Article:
Renal Fanconi Syndrome


Renal Fanconi syndrome is a tubular dysfunction increasing the urinary excretion of glucose, amino acids, phosphate and bicarbonate and inducing rickets in children and osteomalacia in adults.

Keywords: aminoaciduria; cadmium; cystinosis; glucosuria; maleate; megalin; phosphaturia; renal tubular acidosis; rickets; osteomalacia

Figure 1.

Schematic view of the cells of kidney tubules. The tubules form the renal functional unit, known as the nephron. Immediately after being filtered through the glomerulus, molecules (e.g. amino acids, glucose, sodium) and water are reabsorbed by the early part of the tubule, defined as the proximal nephron. The last part of the nephron is known as the distal and is comprised of tubular cells with different properties. In normal individuals, amino acids gain access to the proximal nephron cells (wide blue arrow) through the apical microvilli or through the infoldings of the antiluminal membrane. Intracellular accumulation of amino acids (∗) can occur against a concentration gradient. At the luminal border, uptake is a carrier‐mediated process and, when coupled to a sodium gradient (Na+ out > Na+ in), is ‘secondary active’ transport. Exit can occur at all membranes. Amino acids (AA) can also be metabolized (metab) in the renal tubular cells. In the distal nephron (thin blue arrows), similar amino acid movements occur except that there is no luminal entry of amino acids and little, if any, luminal entry of glucose and phosphate. (b) In the maleate model of Fanconi syndrome, there is a marked backleak of amino acids and sugar into the tubular lumen. As a consequence, intracellular amino acid levels fall significantly (pool). In proximal tubular cells, luminal amino acid uptake mechanisms are also disturbed, but residual luminal uptake still exceed backleak, allowing at least some net amino acid reabsorption. However, in the distal tubule where luminal uptake systems are absent, maleate‐induced exit of amino acids into the lumen is completely uncompensated, allowing net amino acid ‘secretion’ into the urine. Other forms of renal Fanconi syndrome have been ascribed to numerous complex mechanisms which might disturb luminal membrane function. These include: (1) a defect in some aspect of transport critical to all luminal carrier mechanisms (of note, most solutes lost in urine are coupled to luminal reabsorption of sodium); (2) a disturbance of luminal membrane organization affecting both uptake and backleak of solutes as in the maleate model above; (3) impaired production of metabolic energy or adenosine triphosphate (ATP) as in the example of human cytochrome c oxidase deficiency; (4) defective Na+–K+ATPase activity at basolateral membranes, affecting the sodium gradient at the luminal membrane; (5) reduced H+ATPase activity affecting the endocytotic recycling apparatus; (6) structural disorganization and dysfunction of organelles such as the endoplasmic reticulum or mitochondria; (7) defective megalin‐dependent recycling of transport proteins and transporters from endocytotic compartments to the luminal membrane. An integrative hypothesis that might link many forms of Fanconi syndrome is that they have in common a toxic effect or a primary cellular dysfunction that disrupts some critical element of endocytotic membrane recycling. Blockade at any point along the recycling pathway will modify luminal membrane function by trapping membrane transport proteins and other constituents in endosomes; depletion of these elements from the luminal membrane may limit reabsorptive transport and allow increased backleak of organic solutes.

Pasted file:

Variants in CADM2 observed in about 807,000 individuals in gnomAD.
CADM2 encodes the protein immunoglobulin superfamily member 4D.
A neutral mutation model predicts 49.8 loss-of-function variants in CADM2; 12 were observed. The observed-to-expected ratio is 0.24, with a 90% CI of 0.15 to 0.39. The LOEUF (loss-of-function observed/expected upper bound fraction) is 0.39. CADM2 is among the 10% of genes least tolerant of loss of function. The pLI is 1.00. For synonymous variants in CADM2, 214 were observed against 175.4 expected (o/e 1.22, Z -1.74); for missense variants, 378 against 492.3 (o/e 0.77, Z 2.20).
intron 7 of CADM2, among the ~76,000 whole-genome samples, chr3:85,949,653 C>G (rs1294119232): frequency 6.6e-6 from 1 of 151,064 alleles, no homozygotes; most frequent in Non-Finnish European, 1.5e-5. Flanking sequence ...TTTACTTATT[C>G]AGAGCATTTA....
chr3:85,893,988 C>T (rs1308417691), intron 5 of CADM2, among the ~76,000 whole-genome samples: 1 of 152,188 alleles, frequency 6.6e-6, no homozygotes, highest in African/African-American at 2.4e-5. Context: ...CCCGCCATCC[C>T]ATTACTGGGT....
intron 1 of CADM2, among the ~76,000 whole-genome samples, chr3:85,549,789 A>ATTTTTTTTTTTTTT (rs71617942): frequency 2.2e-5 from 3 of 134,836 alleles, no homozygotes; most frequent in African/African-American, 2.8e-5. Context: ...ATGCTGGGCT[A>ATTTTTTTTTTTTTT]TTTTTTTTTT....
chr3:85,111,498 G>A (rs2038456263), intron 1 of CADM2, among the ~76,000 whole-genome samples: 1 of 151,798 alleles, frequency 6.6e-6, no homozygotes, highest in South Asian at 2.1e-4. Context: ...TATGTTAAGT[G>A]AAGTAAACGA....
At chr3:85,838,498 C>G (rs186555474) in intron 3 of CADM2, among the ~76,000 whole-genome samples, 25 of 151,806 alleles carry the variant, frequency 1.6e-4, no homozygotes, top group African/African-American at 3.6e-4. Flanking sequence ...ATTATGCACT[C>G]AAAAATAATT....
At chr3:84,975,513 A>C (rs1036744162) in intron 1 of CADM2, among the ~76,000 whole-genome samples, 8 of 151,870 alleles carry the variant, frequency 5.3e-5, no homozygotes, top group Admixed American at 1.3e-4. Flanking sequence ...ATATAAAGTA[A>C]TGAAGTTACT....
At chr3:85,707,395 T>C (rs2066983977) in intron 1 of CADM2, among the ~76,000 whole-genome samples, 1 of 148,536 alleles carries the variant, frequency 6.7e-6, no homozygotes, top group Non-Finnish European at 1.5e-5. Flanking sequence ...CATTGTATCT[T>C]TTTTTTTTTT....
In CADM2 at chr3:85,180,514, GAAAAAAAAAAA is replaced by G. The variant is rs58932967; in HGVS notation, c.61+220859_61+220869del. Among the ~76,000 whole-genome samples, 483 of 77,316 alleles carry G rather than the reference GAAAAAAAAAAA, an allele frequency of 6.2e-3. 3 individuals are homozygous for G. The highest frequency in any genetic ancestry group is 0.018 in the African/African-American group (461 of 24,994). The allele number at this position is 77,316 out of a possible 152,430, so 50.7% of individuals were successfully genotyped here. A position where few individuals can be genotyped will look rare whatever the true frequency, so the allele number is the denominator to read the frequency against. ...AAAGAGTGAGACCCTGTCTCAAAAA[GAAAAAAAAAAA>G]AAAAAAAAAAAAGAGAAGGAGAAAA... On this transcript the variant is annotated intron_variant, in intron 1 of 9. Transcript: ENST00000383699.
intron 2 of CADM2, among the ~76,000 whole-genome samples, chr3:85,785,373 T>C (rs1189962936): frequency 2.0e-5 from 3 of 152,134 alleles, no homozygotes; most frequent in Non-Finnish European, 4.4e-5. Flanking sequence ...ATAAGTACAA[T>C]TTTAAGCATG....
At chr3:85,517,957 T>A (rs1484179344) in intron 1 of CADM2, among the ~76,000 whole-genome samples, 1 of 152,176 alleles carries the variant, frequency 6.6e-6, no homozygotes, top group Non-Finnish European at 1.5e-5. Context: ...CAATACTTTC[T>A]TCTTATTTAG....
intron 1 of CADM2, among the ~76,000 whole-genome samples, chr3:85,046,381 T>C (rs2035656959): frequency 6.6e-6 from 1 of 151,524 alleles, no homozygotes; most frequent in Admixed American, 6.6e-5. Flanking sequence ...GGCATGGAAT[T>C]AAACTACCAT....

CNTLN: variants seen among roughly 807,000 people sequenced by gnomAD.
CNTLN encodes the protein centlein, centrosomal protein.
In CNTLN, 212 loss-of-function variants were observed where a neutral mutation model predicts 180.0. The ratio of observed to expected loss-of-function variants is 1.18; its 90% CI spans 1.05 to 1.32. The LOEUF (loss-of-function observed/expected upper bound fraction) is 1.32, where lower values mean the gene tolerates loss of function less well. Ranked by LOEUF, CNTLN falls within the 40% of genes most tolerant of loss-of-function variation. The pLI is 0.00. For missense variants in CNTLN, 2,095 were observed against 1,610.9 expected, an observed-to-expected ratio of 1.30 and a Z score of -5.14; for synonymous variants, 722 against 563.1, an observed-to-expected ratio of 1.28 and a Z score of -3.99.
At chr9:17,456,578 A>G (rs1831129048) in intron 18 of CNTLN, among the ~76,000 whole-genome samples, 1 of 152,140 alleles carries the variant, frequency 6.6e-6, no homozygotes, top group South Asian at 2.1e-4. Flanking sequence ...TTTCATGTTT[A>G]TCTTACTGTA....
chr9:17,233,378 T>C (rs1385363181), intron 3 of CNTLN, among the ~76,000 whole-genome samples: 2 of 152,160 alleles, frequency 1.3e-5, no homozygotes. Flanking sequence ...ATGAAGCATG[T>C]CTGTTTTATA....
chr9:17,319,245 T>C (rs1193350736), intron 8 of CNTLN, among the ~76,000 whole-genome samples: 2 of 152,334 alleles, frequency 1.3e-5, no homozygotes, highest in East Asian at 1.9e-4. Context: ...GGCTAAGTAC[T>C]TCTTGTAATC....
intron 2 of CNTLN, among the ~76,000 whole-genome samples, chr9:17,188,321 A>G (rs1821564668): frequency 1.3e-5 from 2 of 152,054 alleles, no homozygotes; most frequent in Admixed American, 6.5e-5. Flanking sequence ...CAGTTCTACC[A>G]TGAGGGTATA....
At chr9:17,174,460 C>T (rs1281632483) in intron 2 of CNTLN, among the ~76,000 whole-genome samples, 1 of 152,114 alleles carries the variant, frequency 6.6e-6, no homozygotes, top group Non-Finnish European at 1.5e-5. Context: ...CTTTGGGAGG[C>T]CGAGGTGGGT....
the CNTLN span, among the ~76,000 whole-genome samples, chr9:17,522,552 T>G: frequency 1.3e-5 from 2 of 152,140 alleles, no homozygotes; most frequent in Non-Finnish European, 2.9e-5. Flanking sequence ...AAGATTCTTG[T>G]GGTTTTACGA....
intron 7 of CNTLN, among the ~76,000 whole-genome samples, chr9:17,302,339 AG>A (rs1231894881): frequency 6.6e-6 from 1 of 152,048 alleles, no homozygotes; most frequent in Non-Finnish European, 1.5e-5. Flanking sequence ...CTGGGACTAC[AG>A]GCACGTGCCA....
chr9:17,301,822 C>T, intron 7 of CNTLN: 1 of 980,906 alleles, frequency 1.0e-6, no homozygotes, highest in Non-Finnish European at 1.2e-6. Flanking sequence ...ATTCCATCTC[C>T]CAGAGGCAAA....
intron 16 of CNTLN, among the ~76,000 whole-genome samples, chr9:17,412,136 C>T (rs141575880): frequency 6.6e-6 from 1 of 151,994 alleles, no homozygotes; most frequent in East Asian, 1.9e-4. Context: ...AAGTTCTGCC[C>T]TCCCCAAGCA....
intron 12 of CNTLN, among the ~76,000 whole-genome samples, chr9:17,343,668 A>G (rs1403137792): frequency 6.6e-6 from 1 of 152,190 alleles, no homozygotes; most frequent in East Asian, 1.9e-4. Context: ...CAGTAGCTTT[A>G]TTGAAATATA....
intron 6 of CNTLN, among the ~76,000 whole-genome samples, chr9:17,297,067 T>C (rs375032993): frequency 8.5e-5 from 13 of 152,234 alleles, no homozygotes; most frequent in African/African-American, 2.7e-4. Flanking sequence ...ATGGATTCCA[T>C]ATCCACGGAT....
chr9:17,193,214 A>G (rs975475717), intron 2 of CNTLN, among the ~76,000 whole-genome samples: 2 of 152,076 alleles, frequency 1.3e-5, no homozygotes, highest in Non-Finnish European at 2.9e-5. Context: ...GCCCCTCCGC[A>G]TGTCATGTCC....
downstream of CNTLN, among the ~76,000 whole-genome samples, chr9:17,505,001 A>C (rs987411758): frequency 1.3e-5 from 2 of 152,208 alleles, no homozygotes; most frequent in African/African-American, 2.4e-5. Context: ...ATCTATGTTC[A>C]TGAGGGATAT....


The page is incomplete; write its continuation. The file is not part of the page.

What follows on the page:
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Bergeron, Michel, and Gougoux, André(Apr 2001) Renal Fanconi Syndrome. In: eLS. John Wiley & Sons Ltd, Chichester. [doi: 10.1038/npg.els.0002284]